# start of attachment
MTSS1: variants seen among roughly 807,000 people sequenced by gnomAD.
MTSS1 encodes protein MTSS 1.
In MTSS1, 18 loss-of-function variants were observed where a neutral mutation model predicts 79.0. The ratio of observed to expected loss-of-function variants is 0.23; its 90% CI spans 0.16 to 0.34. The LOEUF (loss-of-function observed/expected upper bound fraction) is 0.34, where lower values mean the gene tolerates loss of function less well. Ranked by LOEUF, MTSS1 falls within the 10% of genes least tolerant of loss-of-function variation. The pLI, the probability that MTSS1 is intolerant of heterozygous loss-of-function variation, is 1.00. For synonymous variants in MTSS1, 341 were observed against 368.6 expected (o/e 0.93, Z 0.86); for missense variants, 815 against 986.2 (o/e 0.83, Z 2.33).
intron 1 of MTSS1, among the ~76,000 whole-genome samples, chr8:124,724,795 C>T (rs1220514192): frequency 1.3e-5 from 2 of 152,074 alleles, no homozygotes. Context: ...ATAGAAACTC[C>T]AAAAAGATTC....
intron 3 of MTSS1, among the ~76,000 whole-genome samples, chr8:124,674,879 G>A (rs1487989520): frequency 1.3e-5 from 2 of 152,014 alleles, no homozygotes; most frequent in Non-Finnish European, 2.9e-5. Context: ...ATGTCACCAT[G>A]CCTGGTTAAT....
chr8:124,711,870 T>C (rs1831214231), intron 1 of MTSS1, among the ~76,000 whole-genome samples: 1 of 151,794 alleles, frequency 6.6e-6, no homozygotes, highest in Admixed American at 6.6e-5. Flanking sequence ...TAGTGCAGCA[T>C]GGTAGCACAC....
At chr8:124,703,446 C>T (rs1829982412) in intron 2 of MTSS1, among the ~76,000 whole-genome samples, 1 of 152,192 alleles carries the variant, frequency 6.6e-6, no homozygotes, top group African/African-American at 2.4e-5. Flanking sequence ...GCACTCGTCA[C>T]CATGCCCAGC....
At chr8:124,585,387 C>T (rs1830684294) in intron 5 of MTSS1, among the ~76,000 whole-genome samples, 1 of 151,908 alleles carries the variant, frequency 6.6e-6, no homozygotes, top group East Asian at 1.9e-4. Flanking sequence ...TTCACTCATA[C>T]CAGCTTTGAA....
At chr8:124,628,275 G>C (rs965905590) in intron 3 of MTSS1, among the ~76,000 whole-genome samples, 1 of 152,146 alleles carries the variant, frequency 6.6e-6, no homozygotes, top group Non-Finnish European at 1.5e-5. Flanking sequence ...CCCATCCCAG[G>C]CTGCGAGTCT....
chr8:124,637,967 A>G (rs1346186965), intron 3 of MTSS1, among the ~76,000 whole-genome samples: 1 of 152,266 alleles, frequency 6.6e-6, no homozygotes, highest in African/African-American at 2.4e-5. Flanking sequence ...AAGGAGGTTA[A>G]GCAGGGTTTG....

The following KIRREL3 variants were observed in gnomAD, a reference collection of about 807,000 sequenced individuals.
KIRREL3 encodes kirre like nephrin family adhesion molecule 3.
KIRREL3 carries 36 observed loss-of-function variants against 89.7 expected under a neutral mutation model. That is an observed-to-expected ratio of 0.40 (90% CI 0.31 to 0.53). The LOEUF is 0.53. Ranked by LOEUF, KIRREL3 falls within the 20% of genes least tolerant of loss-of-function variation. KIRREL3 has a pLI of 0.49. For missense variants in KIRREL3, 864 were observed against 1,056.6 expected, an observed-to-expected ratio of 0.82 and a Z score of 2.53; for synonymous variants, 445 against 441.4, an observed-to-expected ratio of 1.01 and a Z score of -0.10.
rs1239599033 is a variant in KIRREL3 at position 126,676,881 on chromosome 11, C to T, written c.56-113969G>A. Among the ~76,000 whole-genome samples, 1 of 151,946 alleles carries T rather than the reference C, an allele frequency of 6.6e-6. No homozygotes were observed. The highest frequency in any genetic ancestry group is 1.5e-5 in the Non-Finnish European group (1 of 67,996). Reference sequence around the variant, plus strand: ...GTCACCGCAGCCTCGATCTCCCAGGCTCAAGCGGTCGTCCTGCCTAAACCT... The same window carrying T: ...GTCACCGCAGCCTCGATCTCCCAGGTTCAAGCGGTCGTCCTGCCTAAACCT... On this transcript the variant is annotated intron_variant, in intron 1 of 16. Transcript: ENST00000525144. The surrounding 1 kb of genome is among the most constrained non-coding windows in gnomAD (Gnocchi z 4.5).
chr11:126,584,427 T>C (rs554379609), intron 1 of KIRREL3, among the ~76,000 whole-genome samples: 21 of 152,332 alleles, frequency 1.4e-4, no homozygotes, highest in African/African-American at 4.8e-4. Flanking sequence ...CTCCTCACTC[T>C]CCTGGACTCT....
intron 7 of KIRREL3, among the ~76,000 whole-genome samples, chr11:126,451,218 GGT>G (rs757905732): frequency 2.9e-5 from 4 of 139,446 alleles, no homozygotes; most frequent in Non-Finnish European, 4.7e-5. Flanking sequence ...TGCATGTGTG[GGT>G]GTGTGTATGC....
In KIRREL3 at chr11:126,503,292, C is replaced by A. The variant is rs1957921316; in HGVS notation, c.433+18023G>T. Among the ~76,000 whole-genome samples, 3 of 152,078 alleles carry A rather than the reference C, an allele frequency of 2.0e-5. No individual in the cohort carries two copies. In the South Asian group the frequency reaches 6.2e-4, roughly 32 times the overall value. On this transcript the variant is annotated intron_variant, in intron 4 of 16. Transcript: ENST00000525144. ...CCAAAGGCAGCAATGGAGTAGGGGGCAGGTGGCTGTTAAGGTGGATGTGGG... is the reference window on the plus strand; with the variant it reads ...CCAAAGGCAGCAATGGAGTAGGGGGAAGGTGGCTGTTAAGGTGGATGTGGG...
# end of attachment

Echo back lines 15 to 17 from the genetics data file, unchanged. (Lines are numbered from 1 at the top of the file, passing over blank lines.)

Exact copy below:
chr11:126,584,427 T>C (rs554379609), intron 1 of KIRREL3, among the ~76,000 whole-genome samples: 21 of 152,332 alleles, frequency 1.4e-4, no homozygotes, highest in African/African-American at 4.8e-4. Flanking sequence ...CTCCTCACTC[T>C]CCTGGACTCT....
intron 7 of KIRREL3, among the ~76,000 whole-genome samples, chr11:126,451,218 GGT>G (rs757905732): frequency 2.9e-5 from 4 of 139,446 alleles, no homozygotes; most frequent in Non-Finnish European, 4.7e-5. Flanking sequence ...TGCATGTGTG[GGT>G]GTGTGTATGC....
In KIRREL3 at chr11:126,503,292, C is replaced by A. The variant is rs1957921316; in HGVS notation, c.433+18023G>T. Among the ~76,000 whole-genome samples, 3 of 152,078 alleles carry A rather than the reference C, an allele frequency of 2.0e-5. No individual in the cohort carries two copies. In the South Asian group the frequency reaches 6.2e-4, roughly 32 times the overall value. On this transcript the variant is annotated intron_variant, in intron 4 of 16. Transcript: ENST00000525144. ...CCAAAGGCAGCAATGGAGTAGGGGGCAGGTGGCTGTTAAGGTGGATGTGGG... is the reference window on the plus strand; with the variant it reads ...CCAAAGGCAGCAATGGAGTAGGGGGAAGGTGGCTGTTAAGGTGGATGTGGG...